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Agile Is Cheaper, Right?

Kenneth Grant explains whether or not being agile is really as cheap for an organization as its proponents claim it to be. Agile’s relentless focus on business value and just-enough work can help teams identify waste—or poor return on investment (ROI) requirements—and gives them the opportunity to change it or leave it out all together.

Kenny Grant's picture Kenny Grant
Be Truly Nimble Instead of Just Following Agile by the Book

People often ask, “Can we apply agile to fields outside of software?” In this article from Marco Peredo-Saavedra, you can read how a construction project applied agile to its work with Marco as the product owner/customer. Take inspiration, and read his lessons. Then, go apply them!

Marco Peredo-Saavedra's picture Marco Peredo-Saavedra
Building a Backlog for Legacy System Changes

Kent McDonald writes that teams often assume that they cannot split their changes into small stories because the resulting stories would not provide value. What they fail to realize is that they can split these bigger changes into smaller changes and gain value by showing their stakeholders, getting feedback, and incorporating that feedback in their continued development.

Kent McDonald's picture Kent McDonald
Can a ScrumMaster Be an Effective Leader When Working Remotely?

Mariya Breyter explores the role of a ScrumMaster and whether or not one can work effectively when working remotely. If the ScrumMaster is not available to orchestrate product delivery, bridge any gaps, and remove any obstacles, a product will never be delivered—even worse, a wrong product will be delivered. In order to achieve this understanding, the ScrumMaster must show value to the team as a natural leader, no matter if he is onsite or remote.

Mariya Breyter's picture Mariya Breyter
A Software Team's Journey to Agile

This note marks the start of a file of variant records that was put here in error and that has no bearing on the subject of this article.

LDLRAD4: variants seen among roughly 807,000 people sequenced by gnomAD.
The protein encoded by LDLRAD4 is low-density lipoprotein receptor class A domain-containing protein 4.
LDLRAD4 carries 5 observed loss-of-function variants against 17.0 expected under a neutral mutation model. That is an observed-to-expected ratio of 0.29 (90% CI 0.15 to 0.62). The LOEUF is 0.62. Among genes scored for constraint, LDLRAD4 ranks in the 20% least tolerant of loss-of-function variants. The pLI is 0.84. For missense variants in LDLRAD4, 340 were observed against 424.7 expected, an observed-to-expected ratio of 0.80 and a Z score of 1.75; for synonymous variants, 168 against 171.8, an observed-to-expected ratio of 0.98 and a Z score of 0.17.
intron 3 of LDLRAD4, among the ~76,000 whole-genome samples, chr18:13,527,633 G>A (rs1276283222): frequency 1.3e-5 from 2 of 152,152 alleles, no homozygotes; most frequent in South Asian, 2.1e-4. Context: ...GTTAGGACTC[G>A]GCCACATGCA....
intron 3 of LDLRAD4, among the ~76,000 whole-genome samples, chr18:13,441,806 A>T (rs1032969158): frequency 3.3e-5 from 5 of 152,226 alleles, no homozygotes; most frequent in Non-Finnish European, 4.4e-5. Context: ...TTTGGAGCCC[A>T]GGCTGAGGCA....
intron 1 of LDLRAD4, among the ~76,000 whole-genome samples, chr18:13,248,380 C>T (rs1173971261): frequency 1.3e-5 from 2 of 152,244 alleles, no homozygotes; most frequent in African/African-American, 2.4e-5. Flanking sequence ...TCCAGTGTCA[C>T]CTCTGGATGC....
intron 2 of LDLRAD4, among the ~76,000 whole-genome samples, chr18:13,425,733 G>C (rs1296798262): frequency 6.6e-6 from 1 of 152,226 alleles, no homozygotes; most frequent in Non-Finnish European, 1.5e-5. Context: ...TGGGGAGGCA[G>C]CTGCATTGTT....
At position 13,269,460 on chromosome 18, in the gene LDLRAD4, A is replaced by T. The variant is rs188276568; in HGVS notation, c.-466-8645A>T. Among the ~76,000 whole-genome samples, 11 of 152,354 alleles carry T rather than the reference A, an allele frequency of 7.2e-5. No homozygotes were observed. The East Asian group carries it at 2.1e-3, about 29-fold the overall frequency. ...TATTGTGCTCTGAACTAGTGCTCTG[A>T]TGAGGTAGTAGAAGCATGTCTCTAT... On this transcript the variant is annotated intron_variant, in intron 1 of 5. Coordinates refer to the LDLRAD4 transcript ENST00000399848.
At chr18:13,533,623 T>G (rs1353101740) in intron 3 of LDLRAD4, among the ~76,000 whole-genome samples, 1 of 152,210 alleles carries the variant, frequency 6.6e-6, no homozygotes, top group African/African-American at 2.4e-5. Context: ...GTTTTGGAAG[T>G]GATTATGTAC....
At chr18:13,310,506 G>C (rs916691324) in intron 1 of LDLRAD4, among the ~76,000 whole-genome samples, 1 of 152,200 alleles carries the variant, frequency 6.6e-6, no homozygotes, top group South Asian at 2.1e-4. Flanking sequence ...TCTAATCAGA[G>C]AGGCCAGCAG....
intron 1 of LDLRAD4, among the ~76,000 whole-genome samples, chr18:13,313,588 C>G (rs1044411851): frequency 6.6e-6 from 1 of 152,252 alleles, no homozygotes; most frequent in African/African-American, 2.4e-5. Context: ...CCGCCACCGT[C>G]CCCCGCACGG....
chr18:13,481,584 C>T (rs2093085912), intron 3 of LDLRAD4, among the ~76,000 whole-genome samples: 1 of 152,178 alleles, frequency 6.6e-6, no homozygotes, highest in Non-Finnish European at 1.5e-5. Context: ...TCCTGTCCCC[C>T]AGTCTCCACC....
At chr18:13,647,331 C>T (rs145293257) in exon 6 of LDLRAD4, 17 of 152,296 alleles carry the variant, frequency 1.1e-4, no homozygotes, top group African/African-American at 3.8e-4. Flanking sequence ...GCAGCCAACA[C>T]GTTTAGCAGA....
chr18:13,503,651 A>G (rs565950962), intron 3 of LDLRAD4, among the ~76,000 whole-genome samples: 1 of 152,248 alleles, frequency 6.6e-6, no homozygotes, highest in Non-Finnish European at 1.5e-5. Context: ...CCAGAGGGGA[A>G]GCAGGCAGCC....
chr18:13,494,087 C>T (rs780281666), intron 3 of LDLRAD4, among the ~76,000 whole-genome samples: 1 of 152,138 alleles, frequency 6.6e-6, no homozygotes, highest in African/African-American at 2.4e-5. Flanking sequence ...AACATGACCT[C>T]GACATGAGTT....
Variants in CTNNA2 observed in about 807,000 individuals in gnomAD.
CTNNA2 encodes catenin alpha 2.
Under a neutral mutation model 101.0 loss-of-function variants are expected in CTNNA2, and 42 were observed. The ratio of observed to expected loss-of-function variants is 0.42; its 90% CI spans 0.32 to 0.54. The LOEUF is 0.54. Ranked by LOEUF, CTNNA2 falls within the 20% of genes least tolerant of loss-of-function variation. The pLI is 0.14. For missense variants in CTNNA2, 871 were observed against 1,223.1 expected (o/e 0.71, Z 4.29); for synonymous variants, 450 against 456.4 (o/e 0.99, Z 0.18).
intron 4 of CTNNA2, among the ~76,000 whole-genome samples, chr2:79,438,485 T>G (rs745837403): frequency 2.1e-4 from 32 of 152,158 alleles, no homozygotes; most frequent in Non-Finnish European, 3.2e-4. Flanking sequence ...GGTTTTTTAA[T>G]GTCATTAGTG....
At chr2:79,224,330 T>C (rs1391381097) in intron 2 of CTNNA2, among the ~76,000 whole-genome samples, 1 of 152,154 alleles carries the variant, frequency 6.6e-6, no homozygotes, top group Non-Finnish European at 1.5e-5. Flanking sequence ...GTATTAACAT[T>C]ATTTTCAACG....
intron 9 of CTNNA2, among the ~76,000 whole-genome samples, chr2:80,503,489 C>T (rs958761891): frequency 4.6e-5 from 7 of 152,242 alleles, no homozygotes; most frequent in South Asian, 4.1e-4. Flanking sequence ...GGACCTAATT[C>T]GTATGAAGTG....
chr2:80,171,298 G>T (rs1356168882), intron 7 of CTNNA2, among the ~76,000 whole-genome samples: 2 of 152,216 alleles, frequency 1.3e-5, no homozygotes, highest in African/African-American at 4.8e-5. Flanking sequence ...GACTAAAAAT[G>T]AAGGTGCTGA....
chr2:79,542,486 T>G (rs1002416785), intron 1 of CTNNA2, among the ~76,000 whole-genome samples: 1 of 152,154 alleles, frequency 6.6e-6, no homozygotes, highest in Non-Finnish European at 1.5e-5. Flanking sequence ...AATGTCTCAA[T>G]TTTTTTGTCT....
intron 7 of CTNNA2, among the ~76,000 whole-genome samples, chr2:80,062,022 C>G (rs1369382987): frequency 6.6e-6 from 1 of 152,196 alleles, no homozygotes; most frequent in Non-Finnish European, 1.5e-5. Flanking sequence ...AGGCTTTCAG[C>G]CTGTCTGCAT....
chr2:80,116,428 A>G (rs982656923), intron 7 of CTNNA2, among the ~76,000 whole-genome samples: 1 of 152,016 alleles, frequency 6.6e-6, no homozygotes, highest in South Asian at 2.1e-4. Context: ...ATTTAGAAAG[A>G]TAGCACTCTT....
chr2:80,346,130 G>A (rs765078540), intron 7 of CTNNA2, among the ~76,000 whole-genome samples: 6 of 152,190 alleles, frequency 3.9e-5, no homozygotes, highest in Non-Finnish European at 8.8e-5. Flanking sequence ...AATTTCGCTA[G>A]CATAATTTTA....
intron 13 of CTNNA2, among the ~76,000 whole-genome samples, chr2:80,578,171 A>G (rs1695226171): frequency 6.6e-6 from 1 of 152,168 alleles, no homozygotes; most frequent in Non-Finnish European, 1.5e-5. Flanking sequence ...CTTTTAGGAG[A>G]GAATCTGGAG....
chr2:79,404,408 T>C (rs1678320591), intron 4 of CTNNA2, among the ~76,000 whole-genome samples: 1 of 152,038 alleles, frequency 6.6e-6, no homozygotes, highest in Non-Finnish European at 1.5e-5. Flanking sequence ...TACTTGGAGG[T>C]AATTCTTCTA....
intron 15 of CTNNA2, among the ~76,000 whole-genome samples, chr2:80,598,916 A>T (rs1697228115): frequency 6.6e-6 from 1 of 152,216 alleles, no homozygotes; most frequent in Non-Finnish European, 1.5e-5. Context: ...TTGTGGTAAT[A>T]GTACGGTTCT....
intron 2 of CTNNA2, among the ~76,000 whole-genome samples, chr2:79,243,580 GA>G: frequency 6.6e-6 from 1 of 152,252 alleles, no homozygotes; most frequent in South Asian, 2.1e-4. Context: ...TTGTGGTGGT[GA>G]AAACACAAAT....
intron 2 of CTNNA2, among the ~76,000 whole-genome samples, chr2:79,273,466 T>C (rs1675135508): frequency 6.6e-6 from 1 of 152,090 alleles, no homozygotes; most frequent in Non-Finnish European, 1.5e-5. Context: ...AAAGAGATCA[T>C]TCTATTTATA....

Did you ever wonder if a team needs some prerequisites before transitioning to agile? In this true story, John Lynch shows us the story of a team who teetered on the brink of dysfunction and then was able to create its foundation so team members could begin their agile transition.

John Lynch's picture John Lynch
What Position Do You Play?

Micheleen Merritt explains that as an agile coach, you need to take into account all of the participants of a team, not just the developers. If you aren’t acknowledging the quality assurance analysts, business analysts, and product owners, you aren’t coaching the whole team.

Mickey Merritt's picture Mickey Merritt
Snapshot: A Team’s First Steps into Shared Ownership

Karen Favazza Spencer writes of the time her team members had to modernize and expand the capabilities of their legacy system. In this situation, Karen took on the role of ScrumMaster, implemented several helpful agile techniques, and empowered the team to share leadership of the project with management.

Karen Spencer's picture Karen Spencer
How to Make Collocation Work for You

Gil Zilberfeld recounts his experience with collocation during his time at Typemock, and explains how collocation can benefit your team. In modern agile discussions, we struggle with how to work with distributed teams around the globe. The truth is that it’s easy to break stuff just by moving part of the team to the next room.

Gil Zilberfeld's picture Gil Zilberfeld
Agile Palooza DC - Ian Culling - Version One internal development and practices
Podcast

Agile Palooza DC - Ian Culling - Version One internal development and practices

Bob Payne's picture Bob Payne
ADP West 2010 - Payson Hall - Risk, Reward and Public Sector Contracts
Podcast

ADP West 2010 - Payson Hall - Risk, Reward and Public Sector Contracts

Bob Payne's picture Bob Payne

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